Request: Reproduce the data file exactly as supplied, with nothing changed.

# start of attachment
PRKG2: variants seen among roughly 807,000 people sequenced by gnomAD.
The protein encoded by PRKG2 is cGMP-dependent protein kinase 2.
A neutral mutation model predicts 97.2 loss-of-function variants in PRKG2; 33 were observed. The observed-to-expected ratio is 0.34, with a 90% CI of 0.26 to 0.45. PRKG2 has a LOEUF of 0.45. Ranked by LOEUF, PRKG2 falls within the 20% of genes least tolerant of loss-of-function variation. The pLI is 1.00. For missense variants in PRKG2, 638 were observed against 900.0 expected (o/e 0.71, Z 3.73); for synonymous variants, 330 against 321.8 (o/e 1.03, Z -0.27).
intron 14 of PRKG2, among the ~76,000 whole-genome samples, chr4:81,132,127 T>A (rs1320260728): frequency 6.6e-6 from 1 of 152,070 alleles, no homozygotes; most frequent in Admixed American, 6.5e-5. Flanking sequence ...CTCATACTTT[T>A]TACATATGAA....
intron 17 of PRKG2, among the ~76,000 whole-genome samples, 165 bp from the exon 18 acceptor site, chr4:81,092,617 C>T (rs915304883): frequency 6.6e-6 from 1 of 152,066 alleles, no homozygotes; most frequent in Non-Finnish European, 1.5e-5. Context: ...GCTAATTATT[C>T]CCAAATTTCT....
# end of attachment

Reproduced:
PRKG2: variants seen among roughly 807,000 people sequenced by gnomAD.
The protein encoded by PRKG2 is cGMP-dependent protein kinase 2.
A neutral mutation model predicts 97.2 loss-of-function variants in PRKG2; 33 were observed. The observed-to-expected ratio is 0.34, with a 90% CI of 0.26 to 0.45. PRKG2 has a LOEUF of 0.45. Ranked by LOEUF, PRKG2 falls within the 20% of genes least tolerant of loss-of-function variation. The pLI is 1.00. For missense variants in PRKG2, 638 were observed against 900.0 expected (o/e 0.71, Z 3.73); for synonymous variants, 330 against 321.8 (o/e 1.03, Z -0.27).
intron 14 of PRKG2, among the ~76,000 whole-genome samples, chr4:81,132,127 T>A (rs1320260728): frequency 6.6e-6 from 1 of 152,070 alleles, no homozygotes; most frequent in Admixed American, 6.5e-5. Flanking sequence ...CTCATACTTT[T>A]TACATATGAA....
intron 17 of PRKG2, among the ~76,000 whole-genome samples, 165 bp from the exon 18 acceptor site, chr4:81,092,617 C>T (rs915304883): frequency 6.6e-6 from 1 of 152,066 alleles, no homozygotes; most frequent in Non-Finnish European, 1.5e-5. Context: ...GCTAATTATT[C>T]CCAAATTTCT....